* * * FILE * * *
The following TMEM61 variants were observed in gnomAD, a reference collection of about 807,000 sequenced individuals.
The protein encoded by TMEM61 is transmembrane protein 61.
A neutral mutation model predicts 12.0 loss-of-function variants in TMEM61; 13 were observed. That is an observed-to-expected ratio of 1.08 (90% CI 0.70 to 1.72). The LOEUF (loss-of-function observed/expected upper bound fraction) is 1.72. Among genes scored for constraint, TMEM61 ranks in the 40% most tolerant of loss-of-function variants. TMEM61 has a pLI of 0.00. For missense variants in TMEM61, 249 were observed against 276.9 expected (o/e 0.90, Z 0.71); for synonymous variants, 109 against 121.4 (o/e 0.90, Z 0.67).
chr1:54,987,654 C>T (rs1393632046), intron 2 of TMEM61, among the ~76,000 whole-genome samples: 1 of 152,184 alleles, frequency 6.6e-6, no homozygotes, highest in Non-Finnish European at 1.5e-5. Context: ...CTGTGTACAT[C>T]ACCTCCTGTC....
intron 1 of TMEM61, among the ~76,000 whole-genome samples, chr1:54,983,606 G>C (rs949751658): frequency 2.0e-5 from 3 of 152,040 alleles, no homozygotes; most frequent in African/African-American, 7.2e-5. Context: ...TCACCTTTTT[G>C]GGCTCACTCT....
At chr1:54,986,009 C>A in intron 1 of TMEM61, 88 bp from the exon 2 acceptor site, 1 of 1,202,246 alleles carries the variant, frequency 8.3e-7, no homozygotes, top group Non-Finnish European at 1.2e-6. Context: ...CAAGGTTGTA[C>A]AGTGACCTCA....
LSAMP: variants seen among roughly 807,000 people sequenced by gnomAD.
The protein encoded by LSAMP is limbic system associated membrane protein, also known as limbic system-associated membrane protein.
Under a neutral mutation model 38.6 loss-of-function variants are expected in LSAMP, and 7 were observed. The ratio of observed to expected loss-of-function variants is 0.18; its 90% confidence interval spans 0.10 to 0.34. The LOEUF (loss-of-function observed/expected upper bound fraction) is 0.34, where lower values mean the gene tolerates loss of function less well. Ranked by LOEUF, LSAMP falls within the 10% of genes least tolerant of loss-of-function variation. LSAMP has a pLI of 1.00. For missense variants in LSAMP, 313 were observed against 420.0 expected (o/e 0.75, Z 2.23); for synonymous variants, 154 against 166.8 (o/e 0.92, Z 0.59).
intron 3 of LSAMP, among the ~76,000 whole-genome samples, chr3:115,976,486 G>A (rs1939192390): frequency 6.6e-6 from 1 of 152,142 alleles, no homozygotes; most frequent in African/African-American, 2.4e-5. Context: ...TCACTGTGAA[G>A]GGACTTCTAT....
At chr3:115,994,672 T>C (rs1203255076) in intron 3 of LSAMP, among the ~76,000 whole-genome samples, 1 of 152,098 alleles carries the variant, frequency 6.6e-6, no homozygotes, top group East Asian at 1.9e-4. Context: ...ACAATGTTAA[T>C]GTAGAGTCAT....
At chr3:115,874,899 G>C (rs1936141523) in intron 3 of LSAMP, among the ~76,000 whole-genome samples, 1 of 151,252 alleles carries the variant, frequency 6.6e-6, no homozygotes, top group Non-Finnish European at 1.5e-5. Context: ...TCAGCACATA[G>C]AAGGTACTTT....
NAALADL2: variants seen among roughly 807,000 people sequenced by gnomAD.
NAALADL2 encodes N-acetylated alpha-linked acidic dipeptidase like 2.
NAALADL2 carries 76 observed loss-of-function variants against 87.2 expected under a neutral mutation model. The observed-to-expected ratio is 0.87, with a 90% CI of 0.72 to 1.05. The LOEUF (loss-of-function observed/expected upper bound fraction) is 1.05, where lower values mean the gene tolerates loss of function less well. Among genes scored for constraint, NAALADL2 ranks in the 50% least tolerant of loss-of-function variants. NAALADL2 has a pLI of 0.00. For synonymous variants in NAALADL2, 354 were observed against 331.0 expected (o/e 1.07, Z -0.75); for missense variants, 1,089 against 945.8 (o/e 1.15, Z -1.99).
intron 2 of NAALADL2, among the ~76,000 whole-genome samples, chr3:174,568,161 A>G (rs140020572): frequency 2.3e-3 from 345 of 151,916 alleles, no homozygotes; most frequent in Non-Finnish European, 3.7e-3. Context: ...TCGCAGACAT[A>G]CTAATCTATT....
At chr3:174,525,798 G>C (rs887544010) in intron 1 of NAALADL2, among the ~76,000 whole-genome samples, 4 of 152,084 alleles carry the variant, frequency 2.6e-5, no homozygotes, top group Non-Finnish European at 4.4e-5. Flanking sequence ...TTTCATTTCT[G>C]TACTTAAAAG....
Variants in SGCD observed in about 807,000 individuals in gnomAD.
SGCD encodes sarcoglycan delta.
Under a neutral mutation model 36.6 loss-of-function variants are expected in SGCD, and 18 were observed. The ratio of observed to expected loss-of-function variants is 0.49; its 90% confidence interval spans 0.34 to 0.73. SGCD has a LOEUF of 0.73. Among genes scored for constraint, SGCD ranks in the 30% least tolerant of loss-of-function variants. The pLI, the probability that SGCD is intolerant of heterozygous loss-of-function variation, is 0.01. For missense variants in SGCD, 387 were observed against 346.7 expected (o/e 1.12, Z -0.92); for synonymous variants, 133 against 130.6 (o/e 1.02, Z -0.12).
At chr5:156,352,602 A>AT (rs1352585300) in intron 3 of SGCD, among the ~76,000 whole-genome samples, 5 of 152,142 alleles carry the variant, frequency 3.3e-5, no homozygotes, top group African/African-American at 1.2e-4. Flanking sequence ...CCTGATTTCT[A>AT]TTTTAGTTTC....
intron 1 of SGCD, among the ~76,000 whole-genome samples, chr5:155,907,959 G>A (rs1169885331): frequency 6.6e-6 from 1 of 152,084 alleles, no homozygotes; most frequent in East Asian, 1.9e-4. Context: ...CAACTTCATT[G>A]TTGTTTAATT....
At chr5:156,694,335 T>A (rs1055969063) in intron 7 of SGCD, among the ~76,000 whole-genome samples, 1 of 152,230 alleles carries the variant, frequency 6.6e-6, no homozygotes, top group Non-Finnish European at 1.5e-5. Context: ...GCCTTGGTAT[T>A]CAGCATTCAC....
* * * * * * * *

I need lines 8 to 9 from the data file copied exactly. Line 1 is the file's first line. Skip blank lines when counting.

The protein encoded by LSAMP is limbic system associated membrane protein, also known as limbic system-associated membrane protein.
Under a neutral mutation model 38.6 loss-of-function variants are expected in LSAMP, and 7 were observed. The ratio of observed to expected loss-of-function variants is 0.18; its 90% confidence interval spans 0.10 to 0.34. The LOEUF (loss-of-function observed/expected upper bound fraction) is 0.34, where lower values mean the gene tolerates loss of function less well. Ranked by LOEUF, LSAMP falls within the 10% of genes least tolerant of loss-of-function variation. LSAMP has a pLI of 1.00. For missense variants in LSAMP, 313 were observed against 420.0 expected (o/e 0.75, Z 2.23); for synonymous variants, 154 against 166.8 (o/e 0.92, Z 0.59).